9,000-year-old Ancient One laid to rest

Image: Kennewick Man

Experts collaborated to create a bust showing how Kennewick Man, also known as the Ancient One, may have looked. (Sculpted bust by StudioEIS; forensic facial reconstruction by sculptor Amanda Danning; photograph by Brittany Tatchell / Smithsonian)

After more than 20 years, one of anthropology’s most contentious cases was closed over the weekend with the reburial of the 9,000-year-old remains of Kennewick Man, now better known as the Ancient One.

More than 200 people, including members of five Native American tribes, gathered at an undisclosed site on the Columbia River Plateau early Feb. 18 to bury the remains in accordance with centuries-old funerary rituals, the Confederated Tribes of the Umatilla Indian Reservation said in a news release.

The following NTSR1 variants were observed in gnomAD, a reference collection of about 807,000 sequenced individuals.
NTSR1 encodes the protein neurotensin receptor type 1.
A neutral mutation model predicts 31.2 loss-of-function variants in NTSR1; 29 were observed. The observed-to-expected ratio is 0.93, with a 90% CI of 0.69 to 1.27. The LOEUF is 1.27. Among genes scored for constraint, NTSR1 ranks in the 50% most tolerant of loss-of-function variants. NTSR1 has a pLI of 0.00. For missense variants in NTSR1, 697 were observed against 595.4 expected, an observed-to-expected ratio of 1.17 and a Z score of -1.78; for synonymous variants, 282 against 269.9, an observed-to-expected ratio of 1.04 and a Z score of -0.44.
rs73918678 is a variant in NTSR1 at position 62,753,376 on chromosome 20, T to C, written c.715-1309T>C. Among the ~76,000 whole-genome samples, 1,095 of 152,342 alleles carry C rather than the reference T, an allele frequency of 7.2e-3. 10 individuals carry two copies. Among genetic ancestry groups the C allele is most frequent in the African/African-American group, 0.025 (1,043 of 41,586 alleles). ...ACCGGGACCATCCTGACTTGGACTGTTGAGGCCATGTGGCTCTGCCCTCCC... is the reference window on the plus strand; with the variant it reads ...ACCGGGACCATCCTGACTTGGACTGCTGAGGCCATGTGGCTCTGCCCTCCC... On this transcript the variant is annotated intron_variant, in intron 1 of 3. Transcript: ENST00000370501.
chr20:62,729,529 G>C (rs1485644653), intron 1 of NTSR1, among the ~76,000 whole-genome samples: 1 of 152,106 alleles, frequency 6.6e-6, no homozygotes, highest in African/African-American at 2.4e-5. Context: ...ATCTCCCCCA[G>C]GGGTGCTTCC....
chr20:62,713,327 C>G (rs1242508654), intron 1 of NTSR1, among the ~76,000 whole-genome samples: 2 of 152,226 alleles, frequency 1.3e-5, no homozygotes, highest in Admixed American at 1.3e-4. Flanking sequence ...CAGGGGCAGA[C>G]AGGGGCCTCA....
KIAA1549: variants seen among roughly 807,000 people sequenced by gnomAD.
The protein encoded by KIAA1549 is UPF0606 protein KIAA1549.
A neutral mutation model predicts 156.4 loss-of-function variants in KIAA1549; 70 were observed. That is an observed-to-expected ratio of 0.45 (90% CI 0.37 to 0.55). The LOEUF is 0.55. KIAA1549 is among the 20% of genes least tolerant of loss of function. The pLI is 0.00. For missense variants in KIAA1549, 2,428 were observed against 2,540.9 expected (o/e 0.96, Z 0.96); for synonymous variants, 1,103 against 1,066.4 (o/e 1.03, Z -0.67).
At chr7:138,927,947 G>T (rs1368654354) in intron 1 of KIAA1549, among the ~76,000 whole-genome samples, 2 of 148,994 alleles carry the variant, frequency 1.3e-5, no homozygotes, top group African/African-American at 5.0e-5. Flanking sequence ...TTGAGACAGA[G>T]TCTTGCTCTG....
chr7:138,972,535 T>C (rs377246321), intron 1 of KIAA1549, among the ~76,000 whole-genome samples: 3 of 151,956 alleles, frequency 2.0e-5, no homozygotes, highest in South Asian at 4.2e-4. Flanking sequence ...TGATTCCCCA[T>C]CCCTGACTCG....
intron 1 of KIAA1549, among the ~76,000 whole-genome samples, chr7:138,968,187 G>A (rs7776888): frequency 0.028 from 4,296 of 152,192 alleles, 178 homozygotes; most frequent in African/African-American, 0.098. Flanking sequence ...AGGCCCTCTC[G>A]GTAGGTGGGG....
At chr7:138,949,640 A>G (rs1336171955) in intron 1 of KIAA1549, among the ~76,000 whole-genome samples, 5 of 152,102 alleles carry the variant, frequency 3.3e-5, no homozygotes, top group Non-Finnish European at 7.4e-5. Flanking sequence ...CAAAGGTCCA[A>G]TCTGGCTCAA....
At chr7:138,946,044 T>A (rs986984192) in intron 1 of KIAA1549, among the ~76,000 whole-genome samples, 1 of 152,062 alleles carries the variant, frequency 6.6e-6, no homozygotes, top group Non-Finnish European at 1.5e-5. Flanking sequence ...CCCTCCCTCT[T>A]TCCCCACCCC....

“This is a big day, and our people have come to witness and honor our ancestor,” said Armand Minthorn, a member of the Umatilla tribes’ board of trustees and Longhouse leader. “We continue to practice our beliefs and laws as our Creator has given us since time immemorial.”

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About Alan Boyle

Award-winning science writer, creator of Cosmic Log, author of "The Case for Pluto: How a Little Planet Made a Big Difference," president of the Council for the Advancement of Science Writing. Check out "About Alan Boyle" for more fun facts.
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